Published in 2020 by Penguin Random House, it was off my radar. I've enjoyed Anne's books before so when I thought about connecting with other historical fiction novelists, I looked her up. In 2014 I wanted to give five stars to her debut novel, Prisoner of Night and Fog , and feel the same way about The Blackbird Girls (this link goes to a great interview with Anne). By the way, Conspiracy of Blood and Smoke (Harper Collins, 2015) was also excellent even though I didn't review it on my blog.

REVIEW

Like another historical fiction novel that I admire, REFUGEE by Alan Gratz, The Blackbird Girls has three viewpoints and several different timelines. Anne and Alan both deftly weave together story elements so that the reader is left with the sense of, "Wow--I didn't see that coming!"

The Blackbird Girls opens with the Chernobyl disaster in 1986 in Ukraine. Each of the two main protagonists, Valentina and Oksana,  have fathers who work at the nuclear power plant. Valentina is Jewish and is the victim of much anti-semitism, including taunting from her schoolmate, Oksana. Valentina's family is very afraid of expressing themselves as Jews due to government persecution and don't practice their religion. Oksana's head is full of anti-semitic propaganda she has heard from her father. As the story progresses the reader discovers that her father has poisoned her in other ways too. 

The two families live in the same apartment building but don't have much to do with each other. Although early on it is evident that the girls are enemies and the reader guesses that they will become friends (the beautiful cover shows that), it is not an easy path. Both girls are victims of prejudice and abuse and both have huge walls of distrust towards the other. 

Both of their fathers fall victim to radioactive poisoning after the meltdown in the plant, and their mothers have to quickly figure out how to help their daughters get away from the city. Valentina's mother has an escape route planned for Valentina and when Oksana's mother abandons her, she takes Oksana with them to Leningrad. She wires the only one who she thinks can offer them refuge--her mother who she hasn't seen for years.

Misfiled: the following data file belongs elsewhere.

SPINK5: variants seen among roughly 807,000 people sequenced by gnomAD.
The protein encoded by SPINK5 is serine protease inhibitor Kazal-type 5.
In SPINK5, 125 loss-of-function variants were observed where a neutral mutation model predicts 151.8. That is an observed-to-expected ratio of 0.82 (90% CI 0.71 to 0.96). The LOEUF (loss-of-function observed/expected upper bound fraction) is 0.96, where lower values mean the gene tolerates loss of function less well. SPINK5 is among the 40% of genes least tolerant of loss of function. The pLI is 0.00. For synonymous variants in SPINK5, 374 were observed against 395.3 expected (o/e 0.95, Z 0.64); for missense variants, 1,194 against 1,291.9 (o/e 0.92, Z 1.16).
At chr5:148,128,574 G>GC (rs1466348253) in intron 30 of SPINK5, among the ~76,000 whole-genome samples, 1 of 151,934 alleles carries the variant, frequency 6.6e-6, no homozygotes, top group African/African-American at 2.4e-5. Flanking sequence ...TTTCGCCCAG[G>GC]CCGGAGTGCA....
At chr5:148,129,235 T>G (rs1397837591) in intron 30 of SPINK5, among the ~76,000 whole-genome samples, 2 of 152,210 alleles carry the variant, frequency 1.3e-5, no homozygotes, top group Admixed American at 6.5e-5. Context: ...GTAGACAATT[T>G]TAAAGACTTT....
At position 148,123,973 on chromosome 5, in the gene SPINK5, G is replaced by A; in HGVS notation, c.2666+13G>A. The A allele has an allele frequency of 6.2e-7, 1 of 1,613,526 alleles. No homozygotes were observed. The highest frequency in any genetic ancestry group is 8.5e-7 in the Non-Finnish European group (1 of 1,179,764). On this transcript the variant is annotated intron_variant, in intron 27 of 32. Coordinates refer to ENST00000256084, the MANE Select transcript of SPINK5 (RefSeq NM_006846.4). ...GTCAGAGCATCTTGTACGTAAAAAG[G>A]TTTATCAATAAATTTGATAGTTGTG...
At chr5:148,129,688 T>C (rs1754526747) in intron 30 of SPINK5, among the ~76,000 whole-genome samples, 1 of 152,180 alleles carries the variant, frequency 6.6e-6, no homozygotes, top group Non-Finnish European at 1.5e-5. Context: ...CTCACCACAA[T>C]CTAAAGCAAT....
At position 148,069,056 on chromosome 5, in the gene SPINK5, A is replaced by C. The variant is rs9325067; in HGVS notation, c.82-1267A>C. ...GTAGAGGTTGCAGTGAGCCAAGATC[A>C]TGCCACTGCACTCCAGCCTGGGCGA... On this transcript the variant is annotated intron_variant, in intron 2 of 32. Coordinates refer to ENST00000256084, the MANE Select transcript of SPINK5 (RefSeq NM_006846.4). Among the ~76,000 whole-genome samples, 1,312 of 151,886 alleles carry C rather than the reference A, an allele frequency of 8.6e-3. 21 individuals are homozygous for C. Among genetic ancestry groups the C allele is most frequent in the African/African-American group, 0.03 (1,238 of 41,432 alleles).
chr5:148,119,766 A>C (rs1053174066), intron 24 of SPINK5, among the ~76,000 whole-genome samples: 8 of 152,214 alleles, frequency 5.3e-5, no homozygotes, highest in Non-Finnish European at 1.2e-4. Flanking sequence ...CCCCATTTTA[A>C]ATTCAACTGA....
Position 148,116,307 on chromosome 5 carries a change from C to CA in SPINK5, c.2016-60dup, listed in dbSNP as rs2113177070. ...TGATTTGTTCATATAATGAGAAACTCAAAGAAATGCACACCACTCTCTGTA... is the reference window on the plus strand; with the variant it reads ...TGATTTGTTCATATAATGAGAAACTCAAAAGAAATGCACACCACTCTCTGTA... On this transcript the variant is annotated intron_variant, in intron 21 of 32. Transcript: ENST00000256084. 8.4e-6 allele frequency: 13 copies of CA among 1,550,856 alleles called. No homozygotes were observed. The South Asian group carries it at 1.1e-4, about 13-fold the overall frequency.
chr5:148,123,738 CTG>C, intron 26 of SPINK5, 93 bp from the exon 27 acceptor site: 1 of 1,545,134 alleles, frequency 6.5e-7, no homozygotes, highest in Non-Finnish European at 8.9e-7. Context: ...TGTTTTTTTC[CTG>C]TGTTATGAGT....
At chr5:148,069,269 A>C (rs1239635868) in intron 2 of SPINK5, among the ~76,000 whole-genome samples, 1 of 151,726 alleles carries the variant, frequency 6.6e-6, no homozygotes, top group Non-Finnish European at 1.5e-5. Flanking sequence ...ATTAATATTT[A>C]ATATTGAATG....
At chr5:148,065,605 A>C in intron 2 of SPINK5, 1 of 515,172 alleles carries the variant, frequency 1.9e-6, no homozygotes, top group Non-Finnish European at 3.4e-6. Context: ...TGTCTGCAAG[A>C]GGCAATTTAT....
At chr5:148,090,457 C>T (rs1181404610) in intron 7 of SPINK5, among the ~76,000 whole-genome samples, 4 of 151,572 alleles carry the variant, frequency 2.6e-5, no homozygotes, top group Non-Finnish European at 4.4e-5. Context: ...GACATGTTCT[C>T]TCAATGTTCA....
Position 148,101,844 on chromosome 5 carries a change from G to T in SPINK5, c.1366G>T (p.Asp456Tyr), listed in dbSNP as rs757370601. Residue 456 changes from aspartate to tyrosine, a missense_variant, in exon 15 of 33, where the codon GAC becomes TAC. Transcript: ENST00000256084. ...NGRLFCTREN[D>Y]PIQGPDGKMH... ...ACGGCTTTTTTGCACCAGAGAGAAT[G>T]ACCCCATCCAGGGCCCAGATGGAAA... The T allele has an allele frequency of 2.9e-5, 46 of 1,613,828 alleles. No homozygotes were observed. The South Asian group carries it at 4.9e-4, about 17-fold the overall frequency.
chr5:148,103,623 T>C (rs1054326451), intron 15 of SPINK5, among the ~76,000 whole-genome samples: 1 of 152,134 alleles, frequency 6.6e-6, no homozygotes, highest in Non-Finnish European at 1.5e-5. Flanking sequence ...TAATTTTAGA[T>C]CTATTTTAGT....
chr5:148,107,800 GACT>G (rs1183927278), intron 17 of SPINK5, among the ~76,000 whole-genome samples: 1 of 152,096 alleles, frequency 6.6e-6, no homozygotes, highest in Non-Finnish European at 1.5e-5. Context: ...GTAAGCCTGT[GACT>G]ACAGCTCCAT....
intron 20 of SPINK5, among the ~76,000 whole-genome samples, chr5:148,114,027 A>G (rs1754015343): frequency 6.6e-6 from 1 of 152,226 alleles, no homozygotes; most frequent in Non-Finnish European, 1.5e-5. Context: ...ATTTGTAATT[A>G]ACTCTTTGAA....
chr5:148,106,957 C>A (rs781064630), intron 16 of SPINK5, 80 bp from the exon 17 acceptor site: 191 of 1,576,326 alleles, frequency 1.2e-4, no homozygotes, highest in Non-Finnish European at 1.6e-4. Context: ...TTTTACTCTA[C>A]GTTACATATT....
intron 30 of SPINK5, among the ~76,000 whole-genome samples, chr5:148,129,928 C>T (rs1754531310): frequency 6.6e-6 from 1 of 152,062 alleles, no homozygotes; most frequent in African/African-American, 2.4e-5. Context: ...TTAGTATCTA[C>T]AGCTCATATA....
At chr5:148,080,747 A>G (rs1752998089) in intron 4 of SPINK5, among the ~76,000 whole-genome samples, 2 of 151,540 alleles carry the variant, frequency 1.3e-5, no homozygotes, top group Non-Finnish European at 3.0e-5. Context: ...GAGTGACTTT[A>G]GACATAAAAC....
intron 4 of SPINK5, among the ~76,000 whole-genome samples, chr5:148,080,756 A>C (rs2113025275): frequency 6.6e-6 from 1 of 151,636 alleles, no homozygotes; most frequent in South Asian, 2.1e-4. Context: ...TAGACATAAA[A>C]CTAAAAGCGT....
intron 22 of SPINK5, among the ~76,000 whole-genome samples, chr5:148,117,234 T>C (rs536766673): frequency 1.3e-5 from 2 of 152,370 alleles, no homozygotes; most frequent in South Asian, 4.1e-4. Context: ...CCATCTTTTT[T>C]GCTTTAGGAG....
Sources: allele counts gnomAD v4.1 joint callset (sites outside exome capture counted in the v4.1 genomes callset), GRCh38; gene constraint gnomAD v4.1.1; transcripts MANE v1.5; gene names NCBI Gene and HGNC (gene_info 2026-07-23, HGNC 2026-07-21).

Meanwhile, readers meet a third girl, Rifka, who lives in the Soviet Union in 1941. Her story unfolds at the same time as Valentina's and Oksana's. Rifka's mother makes her leave home to protect her from the invading Germans. She battles freezing temperatures and nearly dies before she finds shelter with a family who takes her in.

At this point in reading the book, I thought I understood the connection between the stories: two mothers who made difficult choices for their daughters' survival. 

But I was wrong. Anne Blankman indicates in the acknowledgments that the novel is based on a friend's true story about Chernobyl. She wrote to me about the true elements in the book:

When I was in ninth grade, I met a new classmate who has since become a lifelong friend. Victoria had recently emigrated from Ukraine to my small hometown in upstate New York, and as we became closer, she confided in me that she had survived Chernobyl, the massive nuclear disaster in the Soviet Union in 1986. To keep her safe, her parents made the heartbreaking decision to send their then-six-year-old daughter hundreds of miles away to live with distant relatives in Uzbekistan. 

The reason Victoria had family living so far away? Forty-five years earlier, her hosts had fled from the invading German army with scores of other Ukrainian Jews. They had ended up in Uzbekistan. These two journeys--one to run from enemy soldiers, the other to escape nuclear fallout--haunted me, and they became the inspiration for The Blackbird Girls. But I was afraid the multiple perspectives and separate timelines would prove too complicated and cumbersome for my readers, and I wrote the first draft from only Valentina's point of view. My editor encouraged me to explore Oksana and Rifka's perspectives and to flesh out the 1941 storyline.